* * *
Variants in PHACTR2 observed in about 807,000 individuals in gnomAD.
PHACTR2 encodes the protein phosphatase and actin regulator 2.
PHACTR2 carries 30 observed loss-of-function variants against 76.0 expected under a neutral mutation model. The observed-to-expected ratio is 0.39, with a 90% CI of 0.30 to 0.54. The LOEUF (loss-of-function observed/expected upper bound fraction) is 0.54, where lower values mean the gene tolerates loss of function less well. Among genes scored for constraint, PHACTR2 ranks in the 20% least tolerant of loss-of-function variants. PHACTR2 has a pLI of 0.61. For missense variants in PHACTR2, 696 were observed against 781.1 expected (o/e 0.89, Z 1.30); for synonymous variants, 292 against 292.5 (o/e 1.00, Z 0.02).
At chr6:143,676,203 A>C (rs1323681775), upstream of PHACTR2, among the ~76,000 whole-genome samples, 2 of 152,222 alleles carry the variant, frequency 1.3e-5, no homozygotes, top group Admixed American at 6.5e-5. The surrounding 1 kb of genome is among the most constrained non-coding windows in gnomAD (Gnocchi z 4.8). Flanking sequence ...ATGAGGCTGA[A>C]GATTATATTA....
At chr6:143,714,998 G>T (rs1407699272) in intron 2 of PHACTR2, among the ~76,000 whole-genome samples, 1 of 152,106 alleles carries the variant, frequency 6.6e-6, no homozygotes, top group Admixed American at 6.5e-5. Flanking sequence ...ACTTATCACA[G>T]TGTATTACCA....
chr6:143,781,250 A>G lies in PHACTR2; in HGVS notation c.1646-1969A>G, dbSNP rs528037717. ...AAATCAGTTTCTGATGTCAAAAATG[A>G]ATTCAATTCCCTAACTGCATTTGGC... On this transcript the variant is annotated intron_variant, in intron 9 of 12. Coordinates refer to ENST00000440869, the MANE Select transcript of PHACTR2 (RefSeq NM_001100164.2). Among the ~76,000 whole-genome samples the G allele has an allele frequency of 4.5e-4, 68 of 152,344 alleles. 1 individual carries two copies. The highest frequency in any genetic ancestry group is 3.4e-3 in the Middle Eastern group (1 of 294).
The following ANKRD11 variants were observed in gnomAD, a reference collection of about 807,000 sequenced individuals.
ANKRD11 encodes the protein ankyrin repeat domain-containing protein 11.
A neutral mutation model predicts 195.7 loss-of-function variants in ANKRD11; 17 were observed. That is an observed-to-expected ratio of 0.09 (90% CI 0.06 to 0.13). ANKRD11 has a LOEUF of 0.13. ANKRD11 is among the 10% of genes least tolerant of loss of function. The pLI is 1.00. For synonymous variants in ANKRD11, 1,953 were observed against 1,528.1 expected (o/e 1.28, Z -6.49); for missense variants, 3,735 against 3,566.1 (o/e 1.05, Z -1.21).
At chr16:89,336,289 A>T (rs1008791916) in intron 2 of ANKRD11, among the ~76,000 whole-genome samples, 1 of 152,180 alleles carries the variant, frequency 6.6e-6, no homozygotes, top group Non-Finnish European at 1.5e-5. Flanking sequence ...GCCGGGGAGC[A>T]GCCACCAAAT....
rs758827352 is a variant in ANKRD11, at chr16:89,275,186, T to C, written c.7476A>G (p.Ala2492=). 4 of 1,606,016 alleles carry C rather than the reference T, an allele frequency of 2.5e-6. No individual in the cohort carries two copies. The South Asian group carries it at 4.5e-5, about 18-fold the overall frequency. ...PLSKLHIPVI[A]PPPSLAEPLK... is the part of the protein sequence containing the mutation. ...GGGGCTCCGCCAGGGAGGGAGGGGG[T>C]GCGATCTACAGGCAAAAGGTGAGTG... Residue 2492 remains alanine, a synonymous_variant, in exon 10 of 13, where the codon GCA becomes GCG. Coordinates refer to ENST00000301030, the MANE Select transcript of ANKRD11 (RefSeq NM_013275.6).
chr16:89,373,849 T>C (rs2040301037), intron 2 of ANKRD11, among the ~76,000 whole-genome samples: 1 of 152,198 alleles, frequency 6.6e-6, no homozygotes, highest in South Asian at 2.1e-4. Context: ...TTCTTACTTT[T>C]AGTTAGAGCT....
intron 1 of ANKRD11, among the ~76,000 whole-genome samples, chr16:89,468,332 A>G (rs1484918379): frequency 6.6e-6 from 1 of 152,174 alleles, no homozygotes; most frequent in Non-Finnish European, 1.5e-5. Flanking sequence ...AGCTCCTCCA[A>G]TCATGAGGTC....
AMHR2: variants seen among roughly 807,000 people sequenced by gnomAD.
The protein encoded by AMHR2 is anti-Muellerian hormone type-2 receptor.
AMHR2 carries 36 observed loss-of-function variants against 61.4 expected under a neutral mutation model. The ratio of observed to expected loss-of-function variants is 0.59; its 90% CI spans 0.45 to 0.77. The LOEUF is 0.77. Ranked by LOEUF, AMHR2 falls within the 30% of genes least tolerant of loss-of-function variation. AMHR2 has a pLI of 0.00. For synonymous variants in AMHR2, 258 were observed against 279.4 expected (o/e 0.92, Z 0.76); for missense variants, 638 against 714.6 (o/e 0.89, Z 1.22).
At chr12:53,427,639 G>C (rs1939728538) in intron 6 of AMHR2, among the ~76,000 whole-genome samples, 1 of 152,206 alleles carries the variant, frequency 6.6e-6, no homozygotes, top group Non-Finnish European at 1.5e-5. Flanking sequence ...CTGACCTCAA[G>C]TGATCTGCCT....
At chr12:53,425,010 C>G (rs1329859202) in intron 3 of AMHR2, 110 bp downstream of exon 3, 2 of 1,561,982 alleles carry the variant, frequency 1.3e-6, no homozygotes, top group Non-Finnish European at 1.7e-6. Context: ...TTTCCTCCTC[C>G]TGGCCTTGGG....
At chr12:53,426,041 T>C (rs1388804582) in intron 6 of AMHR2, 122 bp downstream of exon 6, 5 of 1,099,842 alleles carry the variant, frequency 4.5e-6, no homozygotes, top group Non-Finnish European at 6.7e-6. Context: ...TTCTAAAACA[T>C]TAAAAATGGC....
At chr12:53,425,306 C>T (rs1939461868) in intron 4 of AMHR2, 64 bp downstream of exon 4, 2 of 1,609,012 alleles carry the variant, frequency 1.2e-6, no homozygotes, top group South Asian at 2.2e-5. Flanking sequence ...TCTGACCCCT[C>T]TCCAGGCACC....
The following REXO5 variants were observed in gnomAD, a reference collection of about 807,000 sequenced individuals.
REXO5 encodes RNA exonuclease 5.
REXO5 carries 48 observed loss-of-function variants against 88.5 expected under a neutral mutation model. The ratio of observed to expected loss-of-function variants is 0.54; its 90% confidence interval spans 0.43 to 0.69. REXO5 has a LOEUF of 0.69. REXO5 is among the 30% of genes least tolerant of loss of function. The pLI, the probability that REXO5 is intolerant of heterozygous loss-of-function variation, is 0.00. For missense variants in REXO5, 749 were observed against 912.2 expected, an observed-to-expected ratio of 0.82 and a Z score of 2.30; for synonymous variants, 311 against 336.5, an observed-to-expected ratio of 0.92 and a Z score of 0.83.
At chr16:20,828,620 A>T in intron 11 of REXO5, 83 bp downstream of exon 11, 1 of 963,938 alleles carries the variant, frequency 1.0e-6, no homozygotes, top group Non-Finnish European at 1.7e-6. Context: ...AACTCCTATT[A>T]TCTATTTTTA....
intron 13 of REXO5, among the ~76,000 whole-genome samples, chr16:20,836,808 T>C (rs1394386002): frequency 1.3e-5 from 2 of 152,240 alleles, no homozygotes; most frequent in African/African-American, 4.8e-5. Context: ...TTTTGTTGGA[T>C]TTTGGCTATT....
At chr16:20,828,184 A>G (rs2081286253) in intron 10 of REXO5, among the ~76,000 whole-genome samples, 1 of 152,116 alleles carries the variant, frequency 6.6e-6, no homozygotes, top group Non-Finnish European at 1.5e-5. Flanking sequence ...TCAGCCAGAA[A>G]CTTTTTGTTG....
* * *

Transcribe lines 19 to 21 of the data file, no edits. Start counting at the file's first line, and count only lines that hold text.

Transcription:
At chr12:53,426,041 T>C (rs1388804582) in intron 6 of AMHR2, 122 bp downstream of exon 6, 5 of 1,099,842 alleles carry the variant, frequency 4.5e-6, no homozygotes, top group Non-Finnish European at 6.7e-6. Context: ...TTCTAAAACA[T>C]TAAAAATGGC....
At chr12:53,425,306 C>T (rs1939461868) in intron 4 of AMHR2, 64 bp downstream of exon 4, 2 of 1,609,012 alleles carry the variant, frequency 1.2e-6, no homozygotes, top group South Asian at 2.2e-5. Flanking sequence ...TCTGACCCCT[C>T]TCCAGGCACC....
The following REXO5 variants were observed in gnomAD, a reference collection of about 807,000 sequenced individuals.